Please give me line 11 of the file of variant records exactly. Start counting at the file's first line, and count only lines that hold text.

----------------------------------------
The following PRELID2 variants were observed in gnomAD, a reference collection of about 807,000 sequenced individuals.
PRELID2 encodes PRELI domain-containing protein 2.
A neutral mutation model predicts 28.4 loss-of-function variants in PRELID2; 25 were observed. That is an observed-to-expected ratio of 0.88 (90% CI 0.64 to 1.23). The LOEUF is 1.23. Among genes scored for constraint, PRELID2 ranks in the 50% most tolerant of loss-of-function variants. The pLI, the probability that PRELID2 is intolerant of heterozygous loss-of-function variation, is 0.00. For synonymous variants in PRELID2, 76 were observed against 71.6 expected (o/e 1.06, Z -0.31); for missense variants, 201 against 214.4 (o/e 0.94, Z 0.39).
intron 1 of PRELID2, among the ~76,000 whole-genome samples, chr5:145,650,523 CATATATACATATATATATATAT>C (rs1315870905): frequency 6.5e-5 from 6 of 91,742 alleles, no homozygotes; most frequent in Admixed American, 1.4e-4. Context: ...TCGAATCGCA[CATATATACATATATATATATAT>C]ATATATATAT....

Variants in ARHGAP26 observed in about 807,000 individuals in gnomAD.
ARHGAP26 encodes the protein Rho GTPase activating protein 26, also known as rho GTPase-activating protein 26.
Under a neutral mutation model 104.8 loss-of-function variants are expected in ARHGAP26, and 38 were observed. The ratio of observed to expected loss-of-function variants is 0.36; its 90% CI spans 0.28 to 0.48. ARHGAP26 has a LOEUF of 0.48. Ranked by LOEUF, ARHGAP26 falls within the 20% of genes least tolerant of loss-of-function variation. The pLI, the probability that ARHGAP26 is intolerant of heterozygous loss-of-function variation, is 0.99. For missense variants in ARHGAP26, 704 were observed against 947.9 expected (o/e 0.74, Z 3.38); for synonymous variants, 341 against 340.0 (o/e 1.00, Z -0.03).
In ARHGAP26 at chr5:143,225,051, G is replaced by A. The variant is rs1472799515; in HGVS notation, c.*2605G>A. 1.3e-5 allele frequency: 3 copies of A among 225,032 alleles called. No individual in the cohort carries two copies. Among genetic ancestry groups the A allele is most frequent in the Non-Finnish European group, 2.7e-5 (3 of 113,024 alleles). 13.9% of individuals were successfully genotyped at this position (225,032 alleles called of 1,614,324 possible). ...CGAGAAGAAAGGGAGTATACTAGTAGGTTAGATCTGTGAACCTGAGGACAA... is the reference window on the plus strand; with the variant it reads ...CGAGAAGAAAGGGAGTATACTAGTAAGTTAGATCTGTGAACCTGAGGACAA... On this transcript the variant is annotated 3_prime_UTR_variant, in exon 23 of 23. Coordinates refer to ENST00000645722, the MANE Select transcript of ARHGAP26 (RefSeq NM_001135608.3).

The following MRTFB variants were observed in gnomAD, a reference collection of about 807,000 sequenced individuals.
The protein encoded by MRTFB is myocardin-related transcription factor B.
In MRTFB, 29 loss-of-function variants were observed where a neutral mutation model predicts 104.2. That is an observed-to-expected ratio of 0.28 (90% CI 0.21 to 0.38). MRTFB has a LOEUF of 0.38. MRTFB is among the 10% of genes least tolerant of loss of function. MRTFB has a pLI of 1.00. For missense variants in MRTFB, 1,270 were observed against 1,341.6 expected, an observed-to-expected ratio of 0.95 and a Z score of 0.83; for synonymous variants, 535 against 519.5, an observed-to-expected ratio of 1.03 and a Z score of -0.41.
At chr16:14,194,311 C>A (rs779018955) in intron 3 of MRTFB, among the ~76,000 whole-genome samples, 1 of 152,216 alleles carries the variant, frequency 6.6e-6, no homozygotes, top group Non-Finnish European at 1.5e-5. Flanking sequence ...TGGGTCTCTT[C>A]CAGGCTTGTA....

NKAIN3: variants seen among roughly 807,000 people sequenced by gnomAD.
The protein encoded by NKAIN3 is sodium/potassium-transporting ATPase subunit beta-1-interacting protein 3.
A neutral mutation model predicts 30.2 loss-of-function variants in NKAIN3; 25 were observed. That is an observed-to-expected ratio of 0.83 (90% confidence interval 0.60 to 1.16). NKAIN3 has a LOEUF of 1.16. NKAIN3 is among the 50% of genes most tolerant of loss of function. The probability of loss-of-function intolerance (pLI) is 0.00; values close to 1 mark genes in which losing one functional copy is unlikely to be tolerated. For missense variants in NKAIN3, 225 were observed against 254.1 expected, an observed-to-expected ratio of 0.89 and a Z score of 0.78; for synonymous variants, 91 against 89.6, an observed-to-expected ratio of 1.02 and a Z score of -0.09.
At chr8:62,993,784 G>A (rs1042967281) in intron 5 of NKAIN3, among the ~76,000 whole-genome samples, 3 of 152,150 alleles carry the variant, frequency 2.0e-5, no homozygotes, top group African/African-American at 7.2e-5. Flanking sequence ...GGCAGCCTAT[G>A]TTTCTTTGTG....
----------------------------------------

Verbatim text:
In MRTFB, 29 loss-of-function variants were observed where a neutral mutation model predicts 104.2. That is an observed-to-expected ratio of 0.28 (90% CI 0.21 to 0.38). MRTFB has a LOEUF of 0.38. MRTFB is among the 10% of genes least tolerant of loss of function. MRTFB has a pLI of 1.00. For missense variants in MRTFB, 1,270 were observed against 1,341.6 expected, an observed-to-expected ratio of 0.95 and a Z score of 0.83; for synonymous variants, 535 against 519.5, an observed-to-expected ratio of 1.03 and a Z score of -0.41.